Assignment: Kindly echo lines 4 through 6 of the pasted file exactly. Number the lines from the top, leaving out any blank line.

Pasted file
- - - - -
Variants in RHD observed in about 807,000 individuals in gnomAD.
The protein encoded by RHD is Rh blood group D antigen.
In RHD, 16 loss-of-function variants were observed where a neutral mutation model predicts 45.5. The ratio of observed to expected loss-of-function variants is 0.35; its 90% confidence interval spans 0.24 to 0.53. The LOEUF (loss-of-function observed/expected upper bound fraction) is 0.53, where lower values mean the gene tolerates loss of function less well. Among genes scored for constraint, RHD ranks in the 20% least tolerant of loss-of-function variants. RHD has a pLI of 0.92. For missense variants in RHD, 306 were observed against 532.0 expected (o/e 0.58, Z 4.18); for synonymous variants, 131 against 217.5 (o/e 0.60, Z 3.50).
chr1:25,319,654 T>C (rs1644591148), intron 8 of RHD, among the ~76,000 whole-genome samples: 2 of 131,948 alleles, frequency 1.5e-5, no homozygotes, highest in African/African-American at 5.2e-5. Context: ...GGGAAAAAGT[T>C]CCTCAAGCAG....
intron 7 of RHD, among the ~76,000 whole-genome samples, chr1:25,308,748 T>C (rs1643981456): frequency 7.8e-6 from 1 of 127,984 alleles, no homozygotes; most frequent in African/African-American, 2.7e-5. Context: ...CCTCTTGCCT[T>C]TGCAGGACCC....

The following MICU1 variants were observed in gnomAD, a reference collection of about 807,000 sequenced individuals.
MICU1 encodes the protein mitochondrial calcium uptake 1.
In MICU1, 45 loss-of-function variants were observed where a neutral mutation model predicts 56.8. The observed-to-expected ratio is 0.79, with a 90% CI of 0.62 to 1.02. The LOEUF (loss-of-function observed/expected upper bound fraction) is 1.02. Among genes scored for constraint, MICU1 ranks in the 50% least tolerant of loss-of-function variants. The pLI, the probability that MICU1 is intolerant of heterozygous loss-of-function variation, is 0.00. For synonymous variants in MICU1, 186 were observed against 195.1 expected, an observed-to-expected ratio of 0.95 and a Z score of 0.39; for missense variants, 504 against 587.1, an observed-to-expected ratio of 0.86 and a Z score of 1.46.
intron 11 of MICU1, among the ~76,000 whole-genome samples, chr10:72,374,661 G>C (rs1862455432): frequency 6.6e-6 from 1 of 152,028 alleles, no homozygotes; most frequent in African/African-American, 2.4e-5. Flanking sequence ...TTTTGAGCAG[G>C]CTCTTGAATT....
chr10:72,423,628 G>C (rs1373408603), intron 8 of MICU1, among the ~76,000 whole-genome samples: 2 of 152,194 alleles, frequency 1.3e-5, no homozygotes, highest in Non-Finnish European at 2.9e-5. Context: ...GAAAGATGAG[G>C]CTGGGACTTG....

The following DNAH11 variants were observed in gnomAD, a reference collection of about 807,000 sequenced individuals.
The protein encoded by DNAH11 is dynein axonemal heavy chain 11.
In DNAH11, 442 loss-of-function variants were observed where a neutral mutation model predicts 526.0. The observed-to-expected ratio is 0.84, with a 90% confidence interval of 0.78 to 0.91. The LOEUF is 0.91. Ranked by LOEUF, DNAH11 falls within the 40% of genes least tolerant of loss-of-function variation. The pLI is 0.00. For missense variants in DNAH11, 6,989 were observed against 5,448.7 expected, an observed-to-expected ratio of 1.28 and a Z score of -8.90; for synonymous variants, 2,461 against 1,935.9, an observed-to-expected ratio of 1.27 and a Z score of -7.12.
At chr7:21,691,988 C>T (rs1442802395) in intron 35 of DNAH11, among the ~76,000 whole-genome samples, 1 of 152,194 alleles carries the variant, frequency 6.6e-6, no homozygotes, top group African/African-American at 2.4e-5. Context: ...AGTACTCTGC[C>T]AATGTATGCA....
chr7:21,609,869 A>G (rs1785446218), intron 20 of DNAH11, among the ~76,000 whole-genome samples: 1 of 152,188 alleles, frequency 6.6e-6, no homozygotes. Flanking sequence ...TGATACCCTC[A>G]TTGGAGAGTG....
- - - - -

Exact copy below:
chr1:25,319,654 T>C (rs1644591148), intron 8 of RHD, among the ~76,000 whole-genome samples: 2 of 131,948 alleles, frequency 1.5e-5, no homozygotes, highest in African/African-American at 5.2e-5. Context: ...GGGAAAAAGT[T>C]CCTCAAGCAG....
intron 7 of RHD, among the ~76,000 whole-genome samples, chr1:25,308,748 T>C (rs1643981456): frequency 7.8e-6 from 1 of 127,984 alleles, no homozygotes; most frequent in African/African-American, 2.7e-5. Context: ...CCTCTTGCCT[T>C]TGCAGGACCC....

The following MICU1 variants were observed in gnomAD, a reference collection of about 807,000 sequenced individuals.